Last week, I ran a letter from John Genther, of Topeka, who told about his fond memories of fishing with an Arbogast Jitterbug with his parents and the Arbogast Hula Popper with his brother, Robert, who passed away in 2006.
This week’s letter is from Marty Reddick, also of Topeka, who is an old family friend and hunting buddy of mine and shared one of his better memories of fishing with the Heddon Co. Hellbender. He also shared a great photograph of his oldest grandson crappie fishing. Here is his story in its entirety:
I was around 9 or 10 years old one early summer day. We were fishing a family friend’s pasture pond. I had bought two Heddon Co. Hellbender lures earlier that I was wanting to try out. Mom usually used live bait and Dad liked inline spinner baits. I was branching out and doing ‘my own thing’ with these different lures.
One was a black and yellow and the other was green with a white belly. They are about 3 or 4 inches long and have a huge metal lip painted the same color as the body. I slowly worked the shoreline with the green Hellbender. I caught several ‘pounders’ as we called them.
Finally, a big fish hit me and I cranked in a 3-pound bass. Minutes later, on the other side of the pond near a small stump, a 4-pound bass also hit and I landed him.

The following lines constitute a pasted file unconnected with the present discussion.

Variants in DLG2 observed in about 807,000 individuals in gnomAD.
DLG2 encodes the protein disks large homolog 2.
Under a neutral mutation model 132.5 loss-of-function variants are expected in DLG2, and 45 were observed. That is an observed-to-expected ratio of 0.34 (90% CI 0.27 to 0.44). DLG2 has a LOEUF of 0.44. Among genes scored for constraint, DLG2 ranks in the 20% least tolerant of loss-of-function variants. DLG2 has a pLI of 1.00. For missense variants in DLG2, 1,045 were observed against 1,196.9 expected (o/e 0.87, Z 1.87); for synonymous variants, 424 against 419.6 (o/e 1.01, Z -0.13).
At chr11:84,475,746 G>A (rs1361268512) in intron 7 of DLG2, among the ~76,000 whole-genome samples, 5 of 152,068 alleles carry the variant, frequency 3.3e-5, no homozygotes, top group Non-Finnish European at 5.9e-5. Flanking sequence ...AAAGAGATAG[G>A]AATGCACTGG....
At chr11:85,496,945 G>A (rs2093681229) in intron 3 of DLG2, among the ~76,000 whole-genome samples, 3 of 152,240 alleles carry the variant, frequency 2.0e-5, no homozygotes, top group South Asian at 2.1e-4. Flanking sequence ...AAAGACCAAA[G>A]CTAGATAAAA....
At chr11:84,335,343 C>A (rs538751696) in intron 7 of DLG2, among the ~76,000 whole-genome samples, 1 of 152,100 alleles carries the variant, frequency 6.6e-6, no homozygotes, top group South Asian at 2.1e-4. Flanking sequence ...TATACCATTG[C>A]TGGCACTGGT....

What a day! I was so proud of my success. I bought more lures after that day and continued to use them for a lot of years. I know over the years the bass I have cleaned from farm ponds will have crayfish in them the majority of the time. I believe these lures work so well because of the resemblance to that prey. I still own six or seven of them and plan on giving them a try this year for nostalgia.”
Great story, Marty! I’ve actually got a few of those in my tackle box — the black and yellow variety — that my grandpa, Sonny Swader, gave me from his tackle box that still work great. Heddon still makes and sells those lures — you can find them on the Bass Pro Shops website or the Academy Sports + Outdoors websitepretty easily — but they don’t come in all the crazy colors that they used to.